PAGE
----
New Zealand Technology Safeguards Agreement

“The development of a New Zealand space industry is another exciting opportunity for our country,” says McCully. “These agreements will ensure that New Zealand is well positioned to be a responsible and trusted participant in the global space industry.” On June 16, 2020, the United States and the United Kingdom entered into the Agreement on Technology Safeguards Related to U.S. Participation in Space Launches from the United Kingdom or the Technology Guarantee Agreement (TSA) between the United States and the United Kingdom. After its entry into force, this Agreement establishes the technical security measures necessary to support US space launches from the United Kingdom, while ensuring the proper management of sensitive technologies, in line with our long-standing partnership and our role as founding members of the Technological Missile Control Regime (MTCR). Economic Development Minister Steven Joyce and Secretary of State Murray McCully today announced that an agreement has been reached between the New Zealand and U.S. governments on security measures related to the use of U.S. controlled missiles in New Zealand. The Technology Safeguards Agreement (TSA) is a bilateral agreement between the Government of New Zealand and the Government of the United States to enable the safe use and management of sensitive U.S. space and satellite technologies in New Zealand. SpaceQ sat down with Ken Hodgkins, formerly of the U.S.

Department of State, to discuss a possible Canada-U.S. Technology Security Agreement (TSA). “The agreement with the United States will provide a platform to build on the long-standing ties that exist between many New Zealand and U.S. technology companies. It adds an extra dimension to our close and established relationship with the United States. while protecting New Zealand`s national interests,” McCully explains. In order to begin space launch activities from New Zealand, Rocket Lab had to obtain permission from the Government of the United States of America to transfer sensitive technologies to New Zealand. The United States would only allow the transfer of this technology if New Zealand entered into a technology protection agreement with the U.S. government at the treaty level. The TSA imposes certain obligations on New Zealand regarding the safe transmission, use and management of U.S. space launch technologies.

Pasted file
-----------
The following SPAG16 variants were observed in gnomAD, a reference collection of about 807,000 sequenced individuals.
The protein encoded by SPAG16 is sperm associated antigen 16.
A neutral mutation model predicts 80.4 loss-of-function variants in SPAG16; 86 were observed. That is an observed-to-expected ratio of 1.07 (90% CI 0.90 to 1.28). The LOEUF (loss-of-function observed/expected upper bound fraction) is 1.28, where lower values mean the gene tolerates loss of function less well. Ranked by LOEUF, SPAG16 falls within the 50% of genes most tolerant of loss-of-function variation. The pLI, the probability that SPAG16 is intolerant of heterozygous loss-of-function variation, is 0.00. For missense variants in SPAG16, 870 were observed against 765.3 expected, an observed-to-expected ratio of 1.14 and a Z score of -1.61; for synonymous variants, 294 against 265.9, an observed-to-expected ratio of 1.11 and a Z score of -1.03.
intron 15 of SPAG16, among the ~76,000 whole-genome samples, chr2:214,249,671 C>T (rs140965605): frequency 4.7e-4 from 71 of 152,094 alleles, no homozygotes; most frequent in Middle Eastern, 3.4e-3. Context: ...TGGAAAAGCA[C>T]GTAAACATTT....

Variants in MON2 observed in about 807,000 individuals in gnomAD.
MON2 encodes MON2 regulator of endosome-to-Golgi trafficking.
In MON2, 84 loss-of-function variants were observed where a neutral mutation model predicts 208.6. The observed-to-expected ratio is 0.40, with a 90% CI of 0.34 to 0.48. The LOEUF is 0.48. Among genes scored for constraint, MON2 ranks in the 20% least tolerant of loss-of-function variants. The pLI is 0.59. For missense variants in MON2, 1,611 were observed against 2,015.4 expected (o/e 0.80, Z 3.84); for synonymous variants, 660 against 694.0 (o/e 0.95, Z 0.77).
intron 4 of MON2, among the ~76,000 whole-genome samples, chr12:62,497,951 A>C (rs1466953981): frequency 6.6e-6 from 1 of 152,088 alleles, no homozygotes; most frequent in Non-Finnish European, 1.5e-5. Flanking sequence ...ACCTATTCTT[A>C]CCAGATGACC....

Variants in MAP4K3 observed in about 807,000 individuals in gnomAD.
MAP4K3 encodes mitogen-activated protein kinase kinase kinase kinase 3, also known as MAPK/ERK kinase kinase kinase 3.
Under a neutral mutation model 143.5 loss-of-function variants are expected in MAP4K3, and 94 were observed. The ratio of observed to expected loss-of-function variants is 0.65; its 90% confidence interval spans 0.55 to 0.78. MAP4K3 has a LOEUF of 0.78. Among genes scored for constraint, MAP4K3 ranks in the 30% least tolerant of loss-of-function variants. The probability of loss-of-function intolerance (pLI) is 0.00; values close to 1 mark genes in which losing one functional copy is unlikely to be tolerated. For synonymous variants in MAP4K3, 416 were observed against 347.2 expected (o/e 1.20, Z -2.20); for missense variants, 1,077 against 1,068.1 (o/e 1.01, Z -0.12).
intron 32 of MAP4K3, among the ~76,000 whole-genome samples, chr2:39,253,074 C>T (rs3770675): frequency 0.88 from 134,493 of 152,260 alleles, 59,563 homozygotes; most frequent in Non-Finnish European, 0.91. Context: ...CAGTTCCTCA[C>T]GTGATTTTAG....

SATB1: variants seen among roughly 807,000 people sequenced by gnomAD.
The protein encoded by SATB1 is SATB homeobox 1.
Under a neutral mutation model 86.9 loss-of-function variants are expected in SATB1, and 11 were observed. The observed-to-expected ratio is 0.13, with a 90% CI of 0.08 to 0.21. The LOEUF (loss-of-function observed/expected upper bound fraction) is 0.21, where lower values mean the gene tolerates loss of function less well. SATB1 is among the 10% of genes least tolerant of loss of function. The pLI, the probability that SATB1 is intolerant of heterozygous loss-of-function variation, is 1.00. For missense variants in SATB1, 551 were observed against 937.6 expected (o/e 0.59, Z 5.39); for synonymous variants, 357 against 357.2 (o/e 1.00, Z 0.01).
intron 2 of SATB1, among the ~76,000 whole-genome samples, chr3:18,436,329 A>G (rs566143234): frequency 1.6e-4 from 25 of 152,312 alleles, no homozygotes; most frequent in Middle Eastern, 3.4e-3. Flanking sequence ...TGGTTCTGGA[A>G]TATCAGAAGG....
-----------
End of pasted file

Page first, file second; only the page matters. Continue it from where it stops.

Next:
One of the first steps in this process was to assess whether Existing New Zealand national legislation was sufficient to manage space activities or whether a new law would be needed. At the time of ratification of the UN international treaties, New Zealand politicians and legislators clearly felt that legislation was not necessary to implement them. Fifty years later, Rocket Lab`s activities clearly illustrate how technological developments have transformed the space industry and made it accessible to a wider range of participants. This necessitated a change of opinion on the need to legislate to implement the rights and obligations of the outer space treaties. It has also led New Zealand to reflect on how to ensure that legislation strikes a balance between risk management and not hindering economic development and innovation. The TSA is accompanied by an “agreement between the Government of the United States of America and the Government of New Zealand with respect to the Agreement between the Government of the United States of America and the Government of New Zealand on Technological Safeguards Related to united States Participation in New Zealand Space Launches,” which sets out the circumstances, under which the New Zealand authorities have certain jurisdiction with respect to certain TSA items. and procedures for protecting U.S. technology in these circumstances.

Today, many more players can access the space. Technological advances have enabled the production of smaller, cheaper and more efficient satellites….